The storm raged throughout the night and all the next day, so it was not until the following night that I was once again summoned to the Pharasman temple. I assumed that I was needed to dig more graves, but to my surprise the acolyte ushered me into the priest's small library, where I found him waiting for me among the stacks of neatly organized books and scrolls with a small pouch of silver coins.
"These," he said, "are for you. Collected by the mourners who were so moved by your funeral song the other night, at their own initiative. I have added a contribution from the church as well." He gave me a tight smile. "Niculaie, I suspect that I will be asked again if you will sing my parishoners’ loved ones to their rest. Is that something that would interest you?"
Of course, I replied in the affirmative. Since then, I have performed at six more burials and memorial services. The families and friends of the departed have all been very appreciative, and while it has yet to make any obvious difference in the way I am treated in the village, the funds I have been given -- ranging from a few coppers from the poorest of families to (once) a fistful of gold crowns from the family of the region’s most notorious miser -- have been more than enough to keep food on my table and for materials to repair the leaking roof over my head. Perhaps the most nourishing result, though, has been my growing friendship with the Pharasman priest, who has learned to look past my pallor and unnaturally long canine teeth (yes, I know it is childish of me to hew to Uncle's rule about the "f" word even now, but old habits are the hardest to break). I still dig graves as needed, but we have spent many a long night playing chess and debating the relative importance to a civilized society of the worship of the Lady of Graves as opposed to my own patron, the Eternal Rose. He has also allowed me free use of his library -- modest compared to the library at home, of course, but more than adequate considering the locale. It is perhaps a bit focused on a single subject, but as that subject is one that is of particular interest to me anyway, that is not as limiting as it might sound. We have even fought side-by-side, during an unpleasant incident involving an outbreak of ghoul fever last winter. For the first time in nearly a decade of my self-imposed exile, dear sister, I no longer feel completely alone.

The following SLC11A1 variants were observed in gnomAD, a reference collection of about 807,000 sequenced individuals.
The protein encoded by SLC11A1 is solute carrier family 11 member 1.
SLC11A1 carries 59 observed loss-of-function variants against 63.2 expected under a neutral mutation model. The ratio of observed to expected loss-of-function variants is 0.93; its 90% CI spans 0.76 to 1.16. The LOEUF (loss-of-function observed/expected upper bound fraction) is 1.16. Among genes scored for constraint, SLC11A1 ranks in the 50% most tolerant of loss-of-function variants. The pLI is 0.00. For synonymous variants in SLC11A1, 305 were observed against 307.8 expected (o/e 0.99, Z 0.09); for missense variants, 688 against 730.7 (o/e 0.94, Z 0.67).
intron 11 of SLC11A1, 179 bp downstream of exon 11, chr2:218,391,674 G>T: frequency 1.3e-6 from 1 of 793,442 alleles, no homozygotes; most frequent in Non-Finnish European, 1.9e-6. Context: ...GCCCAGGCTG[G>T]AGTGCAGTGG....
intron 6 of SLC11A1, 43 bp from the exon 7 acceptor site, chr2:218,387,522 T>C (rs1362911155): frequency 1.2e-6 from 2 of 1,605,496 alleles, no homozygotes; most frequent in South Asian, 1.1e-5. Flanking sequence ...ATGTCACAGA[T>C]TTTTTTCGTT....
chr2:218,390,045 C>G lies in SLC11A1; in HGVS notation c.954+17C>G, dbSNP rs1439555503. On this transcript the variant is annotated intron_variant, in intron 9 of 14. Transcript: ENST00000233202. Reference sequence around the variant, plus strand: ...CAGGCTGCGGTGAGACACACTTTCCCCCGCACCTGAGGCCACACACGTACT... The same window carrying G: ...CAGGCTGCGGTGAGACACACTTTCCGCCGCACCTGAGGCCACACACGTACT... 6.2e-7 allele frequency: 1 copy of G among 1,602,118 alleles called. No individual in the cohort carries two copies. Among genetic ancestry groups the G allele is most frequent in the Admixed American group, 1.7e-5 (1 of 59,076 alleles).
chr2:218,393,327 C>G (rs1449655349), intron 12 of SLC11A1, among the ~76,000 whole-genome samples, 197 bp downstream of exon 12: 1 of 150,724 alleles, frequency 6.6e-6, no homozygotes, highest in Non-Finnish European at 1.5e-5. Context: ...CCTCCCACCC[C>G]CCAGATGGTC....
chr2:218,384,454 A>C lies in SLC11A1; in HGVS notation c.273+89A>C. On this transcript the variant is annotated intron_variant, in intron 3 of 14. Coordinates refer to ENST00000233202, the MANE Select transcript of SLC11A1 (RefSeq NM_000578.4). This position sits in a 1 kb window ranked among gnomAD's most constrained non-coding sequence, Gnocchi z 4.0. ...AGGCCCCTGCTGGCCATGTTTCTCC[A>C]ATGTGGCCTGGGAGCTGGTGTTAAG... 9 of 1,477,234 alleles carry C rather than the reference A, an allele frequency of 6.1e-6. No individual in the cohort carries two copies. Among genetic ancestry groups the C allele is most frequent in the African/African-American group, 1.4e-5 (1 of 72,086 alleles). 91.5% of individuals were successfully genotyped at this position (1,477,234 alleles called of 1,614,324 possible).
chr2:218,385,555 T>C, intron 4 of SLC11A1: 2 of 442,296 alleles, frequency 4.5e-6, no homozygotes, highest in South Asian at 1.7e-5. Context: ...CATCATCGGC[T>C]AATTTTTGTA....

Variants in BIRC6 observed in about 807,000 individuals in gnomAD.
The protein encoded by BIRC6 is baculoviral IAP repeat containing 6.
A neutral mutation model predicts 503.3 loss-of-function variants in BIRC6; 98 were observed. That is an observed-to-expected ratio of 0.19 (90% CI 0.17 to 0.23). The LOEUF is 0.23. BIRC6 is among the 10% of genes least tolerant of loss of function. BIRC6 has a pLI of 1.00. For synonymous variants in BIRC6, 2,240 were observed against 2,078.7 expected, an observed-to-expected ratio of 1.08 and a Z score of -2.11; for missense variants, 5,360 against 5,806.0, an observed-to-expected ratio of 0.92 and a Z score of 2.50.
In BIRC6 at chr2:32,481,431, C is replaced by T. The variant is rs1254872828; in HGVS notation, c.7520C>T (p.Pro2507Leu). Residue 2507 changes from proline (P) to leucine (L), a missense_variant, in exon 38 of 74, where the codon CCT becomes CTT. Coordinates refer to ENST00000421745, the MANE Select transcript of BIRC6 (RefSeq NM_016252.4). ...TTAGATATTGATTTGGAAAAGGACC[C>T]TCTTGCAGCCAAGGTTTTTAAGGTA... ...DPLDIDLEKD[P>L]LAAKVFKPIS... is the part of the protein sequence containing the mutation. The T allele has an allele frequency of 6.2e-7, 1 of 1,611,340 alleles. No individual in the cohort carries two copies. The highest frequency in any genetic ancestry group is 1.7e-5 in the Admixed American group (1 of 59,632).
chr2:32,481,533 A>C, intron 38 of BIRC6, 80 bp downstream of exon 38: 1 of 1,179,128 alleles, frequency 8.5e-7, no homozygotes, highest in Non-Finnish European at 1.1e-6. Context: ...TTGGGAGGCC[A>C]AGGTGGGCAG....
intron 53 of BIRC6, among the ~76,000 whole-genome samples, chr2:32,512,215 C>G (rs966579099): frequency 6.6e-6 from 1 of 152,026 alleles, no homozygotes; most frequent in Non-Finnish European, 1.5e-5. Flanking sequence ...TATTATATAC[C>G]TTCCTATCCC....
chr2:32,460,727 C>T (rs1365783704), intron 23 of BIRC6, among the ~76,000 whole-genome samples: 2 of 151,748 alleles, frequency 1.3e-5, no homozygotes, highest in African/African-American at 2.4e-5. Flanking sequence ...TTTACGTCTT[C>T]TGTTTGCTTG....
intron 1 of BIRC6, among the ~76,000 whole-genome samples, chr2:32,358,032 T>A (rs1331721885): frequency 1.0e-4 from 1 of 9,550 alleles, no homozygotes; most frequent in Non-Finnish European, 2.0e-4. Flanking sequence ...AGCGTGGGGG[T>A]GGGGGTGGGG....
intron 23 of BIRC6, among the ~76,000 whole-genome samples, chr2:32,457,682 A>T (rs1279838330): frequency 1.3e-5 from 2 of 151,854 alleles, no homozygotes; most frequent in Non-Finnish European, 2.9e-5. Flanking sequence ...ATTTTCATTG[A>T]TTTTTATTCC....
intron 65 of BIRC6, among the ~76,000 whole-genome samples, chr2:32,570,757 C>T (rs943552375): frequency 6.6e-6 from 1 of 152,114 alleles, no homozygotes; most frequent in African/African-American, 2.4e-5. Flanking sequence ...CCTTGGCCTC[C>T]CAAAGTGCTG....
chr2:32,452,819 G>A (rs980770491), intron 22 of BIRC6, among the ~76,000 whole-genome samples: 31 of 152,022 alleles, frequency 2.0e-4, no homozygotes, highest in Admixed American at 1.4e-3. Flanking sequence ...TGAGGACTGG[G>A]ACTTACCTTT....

This brings me to the kind offer you made in your letter, which I must, with the greatest regret, decline.
Your suggestion that I might return home for good would have brought me to tears, were my barren eyes capable of producing them. But the folk of our county have a long memory, and a mere decade is not nearly long enough for them to forget what they believe they saw on the night I departed. I am sure they love you as they did Uncle, if not more, but that love will not keep the mob from storming the manor with pitchforks and torches if word gets around that the family monster has returned.
My delay in responding to your correspondence is due to hesitation over whether to accept your offer to visit me here or elsewhere instead. Just a few days after I received your letter, as I was composing my initial response, I received a letter notifying me that Professor Petros Lorrimor has gone to his judgment and requesting I attend the reading of his will in Ravengro.
You may remember my tale of the traveler I met on a forest road in the first year of my exile — he was beset by bandits, and may well have lost his life as well as his purse had I not frightened them off by singing a haunting melody and giving them the briefest glimpse of my unusual dentition as I approached. When the bandits took to their heels, this traveler eagerly professed his gratitude for my intervention (as well as a discomfiting interest in my ancestry) and gave me his name. It was, as you may have guessed, the same Professor Lorrimor.
This unexpected missive — from Professor Lorrimor’s daughter, apparently — was long delayed; the winter that has just ended was a hard one, and the ice in our harbor so thick as to render it impassible until this month. I have already missed the funeral and the reading of the professor’s will, but after long consideration and consultation with my friend the priest, I shall be on board the next departing ship to accept passengers and within a few weeks will present myself to Professor Lorrimor’s daughter in Ravengro to learn the reason for this mysterious invitation. Once I have completed that mission and have made arrangements for lodging in Ravengro or elsewhere, I will send word to you, dear Valerica, and we may decide the place and time for our reunion.
Until then, again, I beg you to take more care of yourself. I never knew our mother, of course, and I will not speak of my father. You and Uncle have been my only true family, and with his passing, you are all I have left, and I flatter myself that you may feel the same for me. You must not be so eager to follow him too quickly!
The next time I write, I shall once again be within the borders of our homeland; the thought fills me with dread and eager anticipation in equal measure. Until then, I remain, as always,
Your loving brother,